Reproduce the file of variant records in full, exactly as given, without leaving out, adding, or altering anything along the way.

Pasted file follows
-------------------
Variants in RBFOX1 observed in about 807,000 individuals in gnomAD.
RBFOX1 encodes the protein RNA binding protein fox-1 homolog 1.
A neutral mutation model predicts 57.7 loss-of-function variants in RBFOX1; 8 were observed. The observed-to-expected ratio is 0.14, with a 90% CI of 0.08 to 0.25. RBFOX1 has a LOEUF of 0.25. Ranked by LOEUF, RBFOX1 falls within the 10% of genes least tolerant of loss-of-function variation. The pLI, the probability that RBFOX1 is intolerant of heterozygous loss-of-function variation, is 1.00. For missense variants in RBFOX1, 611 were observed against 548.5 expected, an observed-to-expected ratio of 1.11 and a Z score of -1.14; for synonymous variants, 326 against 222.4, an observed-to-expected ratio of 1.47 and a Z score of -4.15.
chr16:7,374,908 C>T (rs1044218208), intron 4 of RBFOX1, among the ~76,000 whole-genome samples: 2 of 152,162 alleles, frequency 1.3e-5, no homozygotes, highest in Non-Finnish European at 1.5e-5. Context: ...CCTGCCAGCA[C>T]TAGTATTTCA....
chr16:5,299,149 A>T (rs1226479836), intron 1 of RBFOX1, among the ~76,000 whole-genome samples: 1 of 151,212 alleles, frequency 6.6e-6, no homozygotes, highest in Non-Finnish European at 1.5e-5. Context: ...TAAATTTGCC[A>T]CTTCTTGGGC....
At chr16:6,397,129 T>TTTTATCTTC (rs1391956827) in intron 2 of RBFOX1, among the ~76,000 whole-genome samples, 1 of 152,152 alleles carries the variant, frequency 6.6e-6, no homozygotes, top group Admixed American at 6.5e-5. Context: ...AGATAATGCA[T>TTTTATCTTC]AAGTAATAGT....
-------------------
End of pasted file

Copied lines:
Variants in RBFOX1 observed in about 807,000 individuals in gnomAD.
RBFOX1 encodes the protein RNA binding protein fox-1 homolog 1.
A neutral mutation model predicts 57.7 loss-of-function variants in RBFOX1; 8 were observed. The observed-to-expected ratio is 0.14, with a 90% CI of 0.08 to 0.25. RBFOX1 has a LOEUF of 0.25. Ranked by LOEUF, RBFOX1 falls within the 10% of genes least tolerant of loss-of-function variation. The pLI, the probability that RBFOX1 is intolerant of heterozygous loss-of-function variation, is 1.00. For missense variants in RBFOX1, 611 were observed against 548.5 expected, an observed-to-expected ratio of 1.11 and a Z score of -1.14; for synonymous variants, 326 against 222.4, an observed-to-expected ratio of 1.47 and a Z score of -4.15.
chr16:7,374,908 C>T (rs1044218208), intron 4 of RBFOX1, among the ~76,000 whole-genome samples: 2 of 152,162 alleles, frequency 1.3e-5, no homozygotes, highest in Non-Finnish European at 1.5e-5. Context: ...CCTGCCAGCA[C>T]TAGTATTTCA....
chr16:5,299,149 A>T (rs1226479836), intron 1 of RBFOX1, among the ~76,000 whole-genome samples: 1 of 151,212 alleles, frequency 6.6e-6, no homozygotes, highest in Non-Finnish European at 1.5e-5. Context: ...TAAATTTGCC[A>T]CTTCTTGGGC....
At chr16:6,397,129 T>TTTTATCTTC (rs1391956827) in intron 2 of RBFOX1, among the ~76,000 whole-genome samples, 1 of 152,152 alleles carries the variant, frequency 6.6e-6, no homozygotes, top group Admixed American at 6.5e-5. Context: ...AGATAATGCA[T>TTTTATCTTC]AAGTAATAGT....